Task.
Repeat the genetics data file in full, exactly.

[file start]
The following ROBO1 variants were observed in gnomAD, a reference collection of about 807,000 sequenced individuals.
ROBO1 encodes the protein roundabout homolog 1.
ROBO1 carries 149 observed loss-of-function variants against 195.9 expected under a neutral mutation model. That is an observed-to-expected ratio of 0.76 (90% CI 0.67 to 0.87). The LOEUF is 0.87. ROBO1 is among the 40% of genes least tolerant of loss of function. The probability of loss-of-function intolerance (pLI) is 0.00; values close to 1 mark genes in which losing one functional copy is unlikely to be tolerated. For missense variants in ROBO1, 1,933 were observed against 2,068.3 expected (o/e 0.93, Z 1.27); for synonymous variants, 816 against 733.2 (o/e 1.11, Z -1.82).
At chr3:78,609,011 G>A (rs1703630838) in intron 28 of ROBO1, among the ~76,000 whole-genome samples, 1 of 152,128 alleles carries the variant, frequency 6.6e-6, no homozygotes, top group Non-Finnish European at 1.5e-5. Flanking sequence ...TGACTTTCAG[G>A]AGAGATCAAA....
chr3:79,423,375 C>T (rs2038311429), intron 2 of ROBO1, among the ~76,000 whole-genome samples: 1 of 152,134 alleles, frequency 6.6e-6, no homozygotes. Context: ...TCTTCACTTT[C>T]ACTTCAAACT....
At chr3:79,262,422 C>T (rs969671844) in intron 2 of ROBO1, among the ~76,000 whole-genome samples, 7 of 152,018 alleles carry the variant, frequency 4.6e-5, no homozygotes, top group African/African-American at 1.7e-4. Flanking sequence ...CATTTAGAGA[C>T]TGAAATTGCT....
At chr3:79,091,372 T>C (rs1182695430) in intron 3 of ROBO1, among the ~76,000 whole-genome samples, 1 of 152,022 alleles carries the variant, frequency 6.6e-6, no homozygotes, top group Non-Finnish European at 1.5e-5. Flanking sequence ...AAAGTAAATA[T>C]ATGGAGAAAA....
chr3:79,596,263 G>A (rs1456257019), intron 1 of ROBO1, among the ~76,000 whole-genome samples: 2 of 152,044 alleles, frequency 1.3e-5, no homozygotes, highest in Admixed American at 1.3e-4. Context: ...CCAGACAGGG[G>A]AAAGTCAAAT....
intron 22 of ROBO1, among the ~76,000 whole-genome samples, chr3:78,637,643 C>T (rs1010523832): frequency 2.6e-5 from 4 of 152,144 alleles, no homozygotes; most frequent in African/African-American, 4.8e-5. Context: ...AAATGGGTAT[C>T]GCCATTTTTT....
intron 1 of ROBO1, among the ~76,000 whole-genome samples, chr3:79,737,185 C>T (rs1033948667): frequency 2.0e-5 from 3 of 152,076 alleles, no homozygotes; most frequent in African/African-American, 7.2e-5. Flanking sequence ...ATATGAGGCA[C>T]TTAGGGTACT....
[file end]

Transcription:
The following ROBO1 variants were observed in gnomAD, a reference collection of about 807,000 sequenced individuals.
ROBO1 encodes the protein roundabout homolog 1.
ROBO1 carries 149 observed loss-of-function variants against 195.9 expected under a neutral mutation model. That is an observed-to-expected ratio of 0.76 (90% CI 0.67 to 0.87). The LOEUF is 0.87. ROBO1 is among the 40% of genes least tolerant of loss of function. The probability of loss-of-function intolerance (pLI) is 0.00; values close to 1 mark genes in which losing one functional copy is unlikely to be tolerated. For missense variants in ROBO1, 1,933 were observed against 2,068.3 expected (o/e 0.93, Z 1.27); for synonymous variants, 816 against 733.2 (o/e 1.11, Z -1.82).
At chr3:78,609,011 G>A (rs1703630838) in intron 28 of ROBO1, among the ~76,000 whole-genome samples, 1 of 152,128 alleles carries the variant, frequency 6.6e-6, no homozygotes, top group Non-Finnish European at 1.5e-5. Flanking sequence ...TGACTTTCAG[G>A]AGAGATCAAA....
chr3:79,423,375 C>T (rs2038311429), intron 2 of ROBO1, among the ~76,000 whole-genome samples: 1 of 152,134 alleles, frequency 6.6e-6, no homozygotes. Context: ...TCTTCACTTT[C>T]ACTTCAAACT....
At chr3:79,262,422 C>T (rs969671844) in intron 2 of ROBO1, among the ~76,000 whole-genome samples, 7 of 152,018 alleles carry the variant, frequency 4.6e-5, no homozygotes, top group African/African-American at 1.7e-4. Flanking sequence ...CATTTAGAGA[C>T]TGAAATTGCT....
At chr3:79,091,372 T>C (rs1182695430) in intron 3 of ROBO1, among the ~76,000 whole-genome samples, 1 of 152,022 alleles carries the variant, frequency 6.6e-6, no homozygotes, top group Non-Finnish European at 1.5e-5. Flanking sequence ...AAAGTAAATA[T>C]ATGGAGAAAA....
chr3:79,596,263 G>A (rs1456257019), intron 1 of ROBO1, among the ~76,000 whole-genome samples: 2 of 152,044 alleles, frequency 1.3e-5, no homozygotes, highest in Admixed American at 1.3e-4. Context: ...CCAGACAGGG[G>A]AAAGTCAAAT....
intron 22 of ROBO1, among the ~76,000 whole-genome samples, chr3:78,637,643 C>T (rs1010523832): frequency 2.6e-5 from 4 of 152,144 alleles, no homozygotes; most frequent in African/African-American, 4.8e-5. Context: ...AAATGGGTAT[C>T]GCCATTTTTT....
intron 1 of ROBO1, among the ~76,000 whole-genome samples, chr3:79,737,185 C>T (rs1033948667): frequency 2.0e-5 from 3 of 152,076 alleles, no homozygotes; most frequent in African/African-American, 7.2e-5. Flanking sequence ...ATATGAGGCA[C>T]TTAGGGTACT....